Economic applications of regulated Brownian motion
This work presents three models of risk-neutral optimizing firms that are faced with an uncertain environment modelled as a continuous shock following a geometric Brownian motion, and some type of market imperfection that induces costs when the firms change their choice variables. One model presents a firm deciding its investment policy when there are fixed transactions costs and a spread between the purchase and resale price of capital. Another presents a firm that produces in one country and sells in another. It faces a random exchange rate and menu costs. The choice variable is the foreign price charged. Finally an inventory model is studied with standard holding and adjustment costs. To maintain homogeneity, the shocks are also assumed to follow a geometric Brownian motion process. The solutions are characterized by two regions, a region of inaction where firms do not find it in their interest to change the choice variable because the costs of doing so outweigh the benefits. In the other region firms find it always optimal to change the choice variable because benefits outweigh costs. Solutions are obtained using regulated Brownian motion techniques that imply the solution of a standard Hamilton-Jacobi-Bellman equation and the imposition of what is referred to as smooth fit at the boundaries of the region of no action. Standard comparative dynamic exercises produce increases in the parameters of market imperfection or uncertainty induce an increase in the area of inaction.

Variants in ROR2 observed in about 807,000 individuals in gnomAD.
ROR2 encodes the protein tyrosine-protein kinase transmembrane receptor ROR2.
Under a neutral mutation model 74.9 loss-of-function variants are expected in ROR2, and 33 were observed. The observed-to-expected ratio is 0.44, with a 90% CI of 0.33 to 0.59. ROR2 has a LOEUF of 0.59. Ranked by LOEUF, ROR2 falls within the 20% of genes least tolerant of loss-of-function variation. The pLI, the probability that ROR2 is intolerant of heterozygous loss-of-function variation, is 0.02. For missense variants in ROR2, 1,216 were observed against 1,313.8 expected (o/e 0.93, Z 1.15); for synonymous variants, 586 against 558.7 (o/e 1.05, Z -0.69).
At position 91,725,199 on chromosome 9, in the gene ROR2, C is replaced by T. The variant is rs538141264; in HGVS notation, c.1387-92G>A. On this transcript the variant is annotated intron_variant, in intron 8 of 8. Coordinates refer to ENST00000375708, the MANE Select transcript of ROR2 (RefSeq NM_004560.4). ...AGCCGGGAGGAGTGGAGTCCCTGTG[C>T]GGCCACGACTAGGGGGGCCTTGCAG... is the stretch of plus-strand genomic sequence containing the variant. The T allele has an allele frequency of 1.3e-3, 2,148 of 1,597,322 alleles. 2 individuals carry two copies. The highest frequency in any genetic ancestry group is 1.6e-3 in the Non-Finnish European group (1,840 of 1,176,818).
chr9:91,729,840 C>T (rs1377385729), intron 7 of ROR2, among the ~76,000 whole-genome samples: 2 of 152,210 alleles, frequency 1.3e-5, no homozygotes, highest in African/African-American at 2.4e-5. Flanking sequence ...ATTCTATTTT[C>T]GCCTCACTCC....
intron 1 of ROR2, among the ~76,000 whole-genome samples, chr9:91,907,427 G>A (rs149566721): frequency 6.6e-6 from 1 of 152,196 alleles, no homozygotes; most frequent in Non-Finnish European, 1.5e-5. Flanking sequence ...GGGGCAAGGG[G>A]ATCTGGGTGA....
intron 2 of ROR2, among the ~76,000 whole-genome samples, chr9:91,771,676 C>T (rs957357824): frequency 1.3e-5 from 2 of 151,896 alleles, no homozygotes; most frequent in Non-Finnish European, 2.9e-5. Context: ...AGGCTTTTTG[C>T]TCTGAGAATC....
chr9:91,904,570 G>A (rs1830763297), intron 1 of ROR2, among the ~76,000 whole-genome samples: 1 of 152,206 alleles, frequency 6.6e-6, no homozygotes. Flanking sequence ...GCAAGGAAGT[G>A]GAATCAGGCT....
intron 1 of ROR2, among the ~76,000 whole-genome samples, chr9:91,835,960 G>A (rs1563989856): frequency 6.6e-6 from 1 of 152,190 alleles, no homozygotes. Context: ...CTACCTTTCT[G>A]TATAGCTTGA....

Delgado, Francisco Antenor, "Economic applications of regulated Brownian motion" (1990). Dissertations available from ProQuest. AAI9026543.